Over the past few weeks, being out and about and talking to people, the British penchant for talking about the weather and its current rather rainy bias, has hit a fairly ‘high’ point in my estimation.
As a UK resident, you grow up and expect that the weather will be a recurring talking point, but this being the case, it got me thinking about the impacts that the weather might or might not have on investments and investment decisions?
As a practical matter, it isn’t difficult to test the correlation between stock market performance and weather pattern data. Meteorologists and climatologists’ chart everything from average sunshine to ocean currents, and Stock Market performance is a matter of public record.
The trick is trying to pick the right data to compare. Peer-reviewed studies have disparate and conflicting results. One recent and famous example was “Weather-Induced Mood, Institutional Investors, and Stock Returns,” which came out of Case Western Reserve University in Cleveland in 2014. It found that relatively cloudier days increased perceived overpricing in individual stocks and, subsequently, led to more selling by institutions.
Another report “Stock Returns and The Weather Effect” was published in the Journal of Financial Economics in 1980. It seemed to find a very large impact factor, under what was referred to as a “calendar time hypothesis.” However, further review found that weather was a much smaller predictive variable than whether the trading day was a Monday!
The scientific approach works wonderfully in physics or chemistry, where independent tests are controlled and variables are isolated, but nobody can run controlled tests on the ecosystem or the global economy. The systems are too large to replicate and too monstrously complex to fully understand. Data has its limits, and the best a market analyst can hope for is to show correlation, not causation.
One reasonable theory about weather and Wall Street suggests that severe weather interrupts business processes, supply chains and consumer movements, among other factors. In fact, the financial media often blames a sluggish quarter of gross domestic product (GDP) growth or stock market performance on weather problems. Though a popular idea, not everyone agrees.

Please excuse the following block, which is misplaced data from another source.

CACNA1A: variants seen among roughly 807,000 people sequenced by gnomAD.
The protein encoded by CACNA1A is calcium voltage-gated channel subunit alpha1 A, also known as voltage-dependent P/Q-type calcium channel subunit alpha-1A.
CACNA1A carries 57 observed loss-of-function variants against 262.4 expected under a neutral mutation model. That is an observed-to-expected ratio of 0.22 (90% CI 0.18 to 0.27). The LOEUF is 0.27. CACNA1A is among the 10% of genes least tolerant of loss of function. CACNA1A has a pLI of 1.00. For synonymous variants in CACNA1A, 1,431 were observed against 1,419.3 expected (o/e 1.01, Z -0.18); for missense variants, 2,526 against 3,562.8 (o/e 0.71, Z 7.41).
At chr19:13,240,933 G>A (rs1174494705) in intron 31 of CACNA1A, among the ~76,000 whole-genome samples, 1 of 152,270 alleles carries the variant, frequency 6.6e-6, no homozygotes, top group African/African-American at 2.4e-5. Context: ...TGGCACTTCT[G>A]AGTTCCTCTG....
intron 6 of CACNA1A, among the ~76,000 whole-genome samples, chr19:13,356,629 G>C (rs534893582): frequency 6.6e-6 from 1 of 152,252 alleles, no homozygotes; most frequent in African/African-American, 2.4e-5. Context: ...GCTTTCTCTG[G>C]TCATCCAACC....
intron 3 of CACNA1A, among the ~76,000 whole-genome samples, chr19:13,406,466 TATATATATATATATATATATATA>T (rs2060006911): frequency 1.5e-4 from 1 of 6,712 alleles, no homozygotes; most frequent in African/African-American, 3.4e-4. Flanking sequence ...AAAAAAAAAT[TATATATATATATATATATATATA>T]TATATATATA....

One alternative theory, an offshoot of behavioural finance, states that weather clearly affects mood, and mood clearly affects investor behaviour. This link appears like a good argument for weather-influenced stock returns, but it’s probably not as strong as its proponents make it sound.
I think irrespective of the reports and analysis, that there are certain things that are influenced by weather. Most summer holidays are sold in the cold dark days of the winter months. On rainy days the corner shop will bring out its rack of folding umbrellas, and then on warm days, uncover its ice-cream machine!
So, there may (or may not) be a correlation between investments and weather, but what about individuals?
I can recall wanting to discuss someone’s attitude to risk at a meeting, but their saying to me that they were not having a good day, so they would rather not do it at that time as the result would probably not be a true reflection of their feelings!
I tend to feel that regardless of the research, that one should perhaps always take a small step back and consider whether there are ‘outside influences’ such as the weather that are effecting your decision. This does of course cut both ways, a cold damp day might influence one way, and a warm ‘feeling good’ day might adversely affect another.
In short, when thinking about investments, analyse yourself before analyzing markets.
This information is provided strictly for general consideration only. No action must be taken or refrained from based on its contents alone. Accordingly, no responsibility can be assumed for any loss occasioned about the content hereof and any such action or inaction. Professional advice is necessary for every case.
Neil Dainton Financial Planner